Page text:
Pseudonymous Cow 1, Devin Nunes 0

Devin Nunes' lawsuit was not a good idea. It was a predictable failure.
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By Steve Benen

In March 2019, Rep. Devin Nunes (R-Calif.) thought it'd be a good idea to sue Twitter and some of its users, accusing them of defamation and negligence. As NBC News reported at the time, the defendants included two pseudonymous parody accounts: "Devin Nunes' Mom" and "Devin Nunes' Cow."

The Republican congressman -- who, ironically, co-sponsored legislation intended to discourage frivolous lawsuits -- sought $250 million in damages. No, seriously.

This was not a good idea, and as the Fresno Bee reported yesterday, the case was a predictable failure.

A judge has ruled that Rep. Devin Nunes has no right to sue Twitter over statements made by a fake Internet cow, someone parodying his mother and a Republican strategist. Judge John Marshall said in a decision Friday that Twitter was "immune from the defamation claims of" Nunes, R-Tulare, due to federal law that says social media companies are not liable for what people post on their platforms.

The GOP lawmaker "seeks to have the court treat Twitter as the publisher or speaker of the content provided by others based on its allowing or not allowing certain content to be on its internet platform," Marshall wrote. "The court refuses to do so."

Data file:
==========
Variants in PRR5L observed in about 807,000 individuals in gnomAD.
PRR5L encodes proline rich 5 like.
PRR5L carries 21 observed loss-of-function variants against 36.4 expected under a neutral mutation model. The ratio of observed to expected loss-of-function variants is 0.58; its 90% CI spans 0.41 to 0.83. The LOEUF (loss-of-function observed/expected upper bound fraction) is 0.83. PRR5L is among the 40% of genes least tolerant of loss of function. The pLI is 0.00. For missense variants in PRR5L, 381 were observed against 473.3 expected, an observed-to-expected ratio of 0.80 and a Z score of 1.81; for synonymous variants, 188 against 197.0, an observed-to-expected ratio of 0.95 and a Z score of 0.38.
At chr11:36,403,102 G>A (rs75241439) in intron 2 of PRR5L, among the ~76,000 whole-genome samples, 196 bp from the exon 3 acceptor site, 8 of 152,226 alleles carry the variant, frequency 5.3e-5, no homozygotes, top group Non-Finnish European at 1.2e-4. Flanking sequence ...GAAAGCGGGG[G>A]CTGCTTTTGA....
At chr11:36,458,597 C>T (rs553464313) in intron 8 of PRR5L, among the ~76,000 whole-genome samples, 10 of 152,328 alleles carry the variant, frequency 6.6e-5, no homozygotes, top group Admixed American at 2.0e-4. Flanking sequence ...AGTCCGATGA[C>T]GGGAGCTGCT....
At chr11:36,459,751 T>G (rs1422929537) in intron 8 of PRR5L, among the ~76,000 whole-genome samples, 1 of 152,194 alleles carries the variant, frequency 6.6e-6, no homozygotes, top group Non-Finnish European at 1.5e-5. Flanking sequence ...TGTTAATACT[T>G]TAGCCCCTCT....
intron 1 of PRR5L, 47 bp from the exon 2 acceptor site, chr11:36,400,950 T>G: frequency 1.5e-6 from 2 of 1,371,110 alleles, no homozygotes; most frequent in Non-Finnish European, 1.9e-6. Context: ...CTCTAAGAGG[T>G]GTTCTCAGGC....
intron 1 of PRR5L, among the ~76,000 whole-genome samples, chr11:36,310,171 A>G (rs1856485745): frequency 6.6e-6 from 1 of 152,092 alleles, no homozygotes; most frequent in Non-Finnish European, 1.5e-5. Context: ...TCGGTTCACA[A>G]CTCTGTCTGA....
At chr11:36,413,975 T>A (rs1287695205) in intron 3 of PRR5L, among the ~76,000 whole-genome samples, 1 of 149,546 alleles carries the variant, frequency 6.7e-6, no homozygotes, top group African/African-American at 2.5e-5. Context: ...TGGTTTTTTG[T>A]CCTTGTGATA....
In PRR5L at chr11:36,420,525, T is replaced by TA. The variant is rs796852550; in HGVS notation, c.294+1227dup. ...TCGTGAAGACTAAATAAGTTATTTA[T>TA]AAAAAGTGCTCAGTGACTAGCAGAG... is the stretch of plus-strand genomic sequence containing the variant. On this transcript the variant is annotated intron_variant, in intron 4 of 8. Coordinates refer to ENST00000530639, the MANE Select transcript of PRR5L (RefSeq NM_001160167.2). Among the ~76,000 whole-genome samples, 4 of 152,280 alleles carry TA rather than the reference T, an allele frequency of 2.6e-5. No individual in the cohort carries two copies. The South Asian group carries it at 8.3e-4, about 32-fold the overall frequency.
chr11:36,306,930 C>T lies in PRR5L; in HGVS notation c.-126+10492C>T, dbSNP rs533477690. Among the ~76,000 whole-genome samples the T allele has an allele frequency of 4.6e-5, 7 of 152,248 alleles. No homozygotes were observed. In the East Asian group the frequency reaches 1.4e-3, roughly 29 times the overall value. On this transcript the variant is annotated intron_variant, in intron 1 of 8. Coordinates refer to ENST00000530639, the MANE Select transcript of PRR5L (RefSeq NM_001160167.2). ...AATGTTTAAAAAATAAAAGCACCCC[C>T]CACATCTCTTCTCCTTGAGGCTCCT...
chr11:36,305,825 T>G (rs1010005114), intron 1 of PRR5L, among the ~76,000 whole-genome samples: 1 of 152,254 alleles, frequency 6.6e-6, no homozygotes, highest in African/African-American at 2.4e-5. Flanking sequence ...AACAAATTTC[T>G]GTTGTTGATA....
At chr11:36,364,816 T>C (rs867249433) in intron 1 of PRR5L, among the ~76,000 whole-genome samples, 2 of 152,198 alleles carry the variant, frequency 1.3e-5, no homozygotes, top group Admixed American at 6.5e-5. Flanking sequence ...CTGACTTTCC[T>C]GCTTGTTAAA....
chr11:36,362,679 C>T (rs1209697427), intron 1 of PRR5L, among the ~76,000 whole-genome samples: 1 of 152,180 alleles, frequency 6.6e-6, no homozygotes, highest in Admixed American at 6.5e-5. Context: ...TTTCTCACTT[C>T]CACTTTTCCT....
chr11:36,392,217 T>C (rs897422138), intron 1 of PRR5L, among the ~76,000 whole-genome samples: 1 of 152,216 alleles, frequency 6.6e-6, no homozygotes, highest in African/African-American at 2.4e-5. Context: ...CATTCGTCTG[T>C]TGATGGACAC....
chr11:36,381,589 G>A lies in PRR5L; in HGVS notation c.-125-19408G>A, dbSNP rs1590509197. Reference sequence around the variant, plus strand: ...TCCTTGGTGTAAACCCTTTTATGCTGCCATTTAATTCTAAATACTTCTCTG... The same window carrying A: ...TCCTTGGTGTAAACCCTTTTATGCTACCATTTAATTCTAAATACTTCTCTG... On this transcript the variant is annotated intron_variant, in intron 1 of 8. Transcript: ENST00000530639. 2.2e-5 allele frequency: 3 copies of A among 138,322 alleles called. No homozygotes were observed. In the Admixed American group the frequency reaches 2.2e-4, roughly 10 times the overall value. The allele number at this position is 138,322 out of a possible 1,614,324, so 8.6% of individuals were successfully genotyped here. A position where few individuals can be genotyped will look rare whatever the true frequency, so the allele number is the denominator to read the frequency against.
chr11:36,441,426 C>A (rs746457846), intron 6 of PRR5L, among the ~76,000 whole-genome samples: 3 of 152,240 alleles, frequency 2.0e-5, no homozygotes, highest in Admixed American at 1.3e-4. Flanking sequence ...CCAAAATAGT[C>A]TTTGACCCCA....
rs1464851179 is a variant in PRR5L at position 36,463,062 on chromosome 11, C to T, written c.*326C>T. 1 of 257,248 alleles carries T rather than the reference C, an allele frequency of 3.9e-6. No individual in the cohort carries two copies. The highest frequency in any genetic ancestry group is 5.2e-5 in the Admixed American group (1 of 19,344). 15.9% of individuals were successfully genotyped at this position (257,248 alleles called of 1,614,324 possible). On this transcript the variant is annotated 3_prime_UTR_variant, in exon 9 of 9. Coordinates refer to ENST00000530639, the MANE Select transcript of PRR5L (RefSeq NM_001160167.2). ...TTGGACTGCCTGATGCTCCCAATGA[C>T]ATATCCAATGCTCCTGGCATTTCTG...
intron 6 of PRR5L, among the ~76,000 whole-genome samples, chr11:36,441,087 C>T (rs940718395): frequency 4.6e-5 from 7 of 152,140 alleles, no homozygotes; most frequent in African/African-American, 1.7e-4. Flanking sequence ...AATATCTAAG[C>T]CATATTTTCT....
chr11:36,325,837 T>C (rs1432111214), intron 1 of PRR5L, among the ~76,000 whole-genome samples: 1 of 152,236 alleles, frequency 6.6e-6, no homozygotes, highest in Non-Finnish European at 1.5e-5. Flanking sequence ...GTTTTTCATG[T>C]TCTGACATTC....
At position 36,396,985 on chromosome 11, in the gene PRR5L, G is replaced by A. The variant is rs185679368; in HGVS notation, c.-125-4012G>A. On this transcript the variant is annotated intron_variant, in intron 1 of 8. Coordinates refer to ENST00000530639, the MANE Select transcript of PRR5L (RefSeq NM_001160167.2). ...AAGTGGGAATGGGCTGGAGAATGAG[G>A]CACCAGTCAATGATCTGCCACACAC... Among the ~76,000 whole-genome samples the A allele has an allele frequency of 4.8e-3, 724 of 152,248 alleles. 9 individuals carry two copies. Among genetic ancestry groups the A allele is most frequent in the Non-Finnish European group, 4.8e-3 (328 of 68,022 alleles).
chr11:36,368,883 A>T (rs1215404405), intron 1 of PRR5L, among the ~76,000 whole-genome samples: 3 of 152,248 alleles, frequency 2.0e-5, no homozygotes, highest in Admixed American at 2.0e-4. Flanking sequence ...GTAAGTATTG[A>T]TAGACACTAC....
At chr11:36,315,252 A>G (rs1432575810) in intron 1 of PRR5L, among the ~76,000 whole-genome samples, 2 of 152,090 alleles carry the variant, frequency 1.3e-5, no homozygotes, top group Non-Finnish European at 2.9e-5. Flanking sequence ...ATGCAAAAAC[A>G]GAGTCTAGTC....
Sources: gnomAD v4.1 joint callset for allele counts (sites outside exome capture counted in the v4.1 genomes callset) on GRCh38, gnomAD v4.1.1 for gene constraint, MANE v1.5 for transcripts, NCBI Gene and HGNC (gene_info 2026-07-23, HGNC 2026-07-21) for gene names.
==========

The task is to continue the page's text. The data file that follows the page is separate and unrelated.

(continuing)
This is not to say the case was inconsequential: as the Washington Post noted, when Nunes first sued, in part over the "Devin Nunes' Cow" Twitter account, it had 1,000 followers. Thanks to the California Republican's litigation, it now has over 725,000 followers.

Perhaps the account holder should send the congressman some kind of dairy-related gift basket.

All is not lost for Nunes, however. According to a recent tally from Dana Milbank, the congressman has also filed suit against the Washington Post, McClatchy, CNN, Hearst Magazines, Fusion GPS, Republican strategist Liz Mair, a watchdog group called the Campaign for Accountability, and an organic fruit farmer who called Nunes a "fake farmer."

The GOP lawmaker has faced some questions about how he's paying for all of this litigation.